In April 2014, the Nigerian-grown extremist group Boko Haram abducted nearly 300 young girls from a school in northeastern Nigeria, prompting an international movement to "Bring Back Our Girls." Now, many have been sold into a medieval kind of slavery, forced to become brides of Boko Haram fighters. Meanwhile, Boko Haram has formed an alliance with the Islamic State group in Syria and Iraq and increased the level of violence in Nigeria and its neighboring countries. Follow this developing story of Islamic extremism through the AP's stories and images.
In 1994, Rwanda was the scene of the first acts since World War II to be legally defined as genocide. Two years later, Clea Koff, a twenty-three-year-old forensic anthropologist, left the safe confines of a lab in Berkeley, California, to serve as one of sixteen scientists chosen by the United Nations to unearth the physical evidence of the Rwandan genocide. Over the next four years, Koff's grueling investigations took her across geography synonymous with some of the worst crimes of the twentieth century.The Bone Woman is Koff's unflinching, riveting account of her seven UN missions to Bosnia, Croatia, Kosovo, and Rwanda, as she shares what she saw, how it affected her, who was prosecuted based on evidence she found, and what she learned about the world. Yet even as she recounts the hellish nature of her work and the heartbreak of the survivors, she imbues her story with purpose, humanity, and a sense of justice. A tale of science in service of human rights, The Bone Woman is, even more profoundly, a story of hope and enduring moral principles.
While the flames of World War II still raged, Roosevelt, Churchill, and Stalin issued a warning to the Nazi leaders. Those responsible for the torture and murder of millions of innocent and defenseless civilians were promised that "... the three Allied Powers will pursue them to the furthest corners of the earth and deliver them to their judges so that justice may be done."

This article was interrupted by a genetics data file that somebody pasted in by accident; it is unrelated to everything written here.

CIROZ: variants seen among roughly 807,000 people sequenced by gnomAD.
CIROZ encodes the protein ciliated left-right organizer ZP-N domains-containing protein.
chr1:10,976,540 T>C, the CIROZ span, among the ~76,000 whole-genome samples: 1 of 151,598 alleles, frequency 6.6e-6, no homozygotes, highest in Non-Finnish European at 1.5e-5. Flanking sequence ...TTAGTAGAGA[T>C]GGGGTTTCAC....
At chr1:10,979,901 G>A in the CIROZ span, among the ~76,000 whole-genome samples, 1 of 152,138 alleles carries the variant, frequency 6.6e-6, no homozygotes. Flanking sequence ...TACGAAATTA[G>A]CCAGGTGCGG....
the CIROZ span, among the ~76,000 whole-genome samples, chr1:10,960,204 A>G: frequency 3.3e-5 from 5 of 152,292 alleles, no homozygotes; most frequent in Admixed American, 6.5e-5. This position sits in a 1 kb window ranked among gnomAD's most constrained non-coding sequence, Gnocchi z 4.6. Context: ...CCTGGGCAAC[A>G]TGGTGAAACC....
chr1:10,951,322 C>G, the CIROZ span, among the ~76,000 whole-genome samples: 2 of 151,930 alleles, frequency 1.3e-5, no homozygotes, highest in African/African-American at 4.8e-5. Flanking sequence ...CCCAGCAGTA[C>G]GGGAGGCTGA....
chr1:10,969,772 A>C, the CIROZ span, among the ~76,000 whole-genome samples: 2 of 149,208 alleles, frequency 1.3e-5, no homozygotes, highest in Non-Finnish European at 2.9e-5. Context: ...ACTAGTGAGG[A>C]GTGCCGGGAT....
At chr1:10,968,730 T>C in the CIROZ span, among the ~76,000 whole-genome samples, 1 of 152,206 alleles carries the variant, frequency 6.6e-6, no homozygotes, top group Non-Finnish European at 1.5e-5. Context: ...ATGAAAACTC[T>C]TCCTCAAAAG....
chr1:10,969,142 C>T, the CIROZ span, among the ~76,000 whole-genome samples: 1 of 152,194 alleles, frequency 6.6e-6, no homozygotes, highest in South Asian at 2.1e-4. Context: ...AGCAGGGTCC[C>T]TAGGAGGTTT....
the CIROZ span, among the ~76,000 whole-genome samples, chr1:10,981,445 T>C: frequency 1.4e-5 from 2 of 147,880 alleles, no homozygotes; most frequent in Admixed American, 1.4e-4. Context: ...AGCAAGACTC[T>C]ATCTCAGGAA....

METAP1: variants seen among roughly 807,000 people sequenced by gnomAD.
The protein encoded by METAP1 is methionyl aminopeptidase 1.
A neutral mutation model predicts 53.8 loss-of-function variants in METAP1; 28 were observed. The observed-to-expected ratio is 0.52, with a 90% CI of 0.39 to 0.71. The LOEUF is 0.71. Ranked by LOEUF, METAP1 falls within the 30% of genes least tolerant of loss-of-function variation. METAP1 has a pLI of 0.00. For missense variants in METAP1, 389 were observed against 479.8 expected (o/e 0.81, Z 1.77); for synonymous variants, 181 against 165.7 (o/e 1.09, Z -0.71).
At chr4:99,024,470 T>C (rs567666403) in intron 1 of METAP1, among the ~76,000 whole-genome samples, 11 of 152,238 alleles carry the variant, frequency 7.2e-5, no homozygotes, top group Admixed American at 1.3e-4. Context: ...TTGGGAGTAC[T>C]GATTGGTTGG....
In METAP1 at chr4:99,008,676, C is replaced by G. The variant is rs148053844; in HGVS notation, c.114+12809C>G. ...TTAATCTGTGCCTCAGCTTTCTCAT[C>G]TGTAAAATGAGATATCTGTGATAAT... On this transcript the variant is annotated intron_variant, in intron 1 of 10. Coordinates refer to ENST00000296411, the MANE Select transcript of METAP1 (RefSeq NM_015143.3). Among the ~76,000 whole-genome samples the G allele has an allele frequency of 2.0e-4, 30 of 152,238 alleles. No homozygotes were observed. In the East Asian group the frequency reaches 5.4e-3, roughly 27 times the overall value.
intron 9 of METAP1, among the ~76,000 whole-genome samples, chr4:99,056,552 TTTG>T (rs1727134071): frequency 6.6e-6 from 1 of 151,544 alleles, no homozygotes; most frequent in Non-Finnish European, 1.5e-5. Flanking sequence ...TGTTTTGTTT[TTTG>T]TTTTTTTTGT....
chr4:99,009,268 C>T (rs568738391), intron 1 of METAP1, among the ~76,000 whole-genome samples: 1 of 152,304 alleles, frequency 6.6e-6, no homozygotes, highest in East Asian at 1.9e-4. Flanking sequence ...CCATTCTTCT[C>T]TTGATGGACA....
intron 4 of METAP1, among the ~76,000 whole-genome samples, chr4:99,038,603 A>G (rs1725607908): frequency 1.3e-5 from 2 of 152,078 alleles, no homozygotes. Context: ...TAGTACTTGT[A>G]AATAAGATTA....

That promise was not kept. Justice was not done. In 1945, twelve of the most notorious Nazis were tried for crimes against humanity and sentenced to death by the International Military Tribunal convened at Nuremberg. (Martin Bormann, his whereabouts unknown, had been tried and convicted in absentia.) Subsequent war-crimes trials ended in the conviction of other offenders. But the majority of the torturers and murderers escaped, found sanctuary, and continued to work effectively toward the concept of eventual world domination. Nazism did not die at Nuremberg.
This survival and resurgence was the result of a plan for the creation of a "brotherhood" initiated long before the end of the war by the least visible and most powerful of the Nazi war lords--Martin Bormann. The Brotherhood, backed by virtually unlimited funds, established "safe" houses inside Germany, escape routes to other countries and continents, and an extensive international group of industrial firms as financial reservoirs and as "fronts" for escaped Nazis. This chronicle, based upon independent investigation, including numerous exclusive interviews and the examination of declassified and revealing documents, casts a new light upon Bormann, his strange role in the Third Reich, and his devastating influence, which cuts mercilessly into our present. This is essential reading, as fascinating as it is meaningful.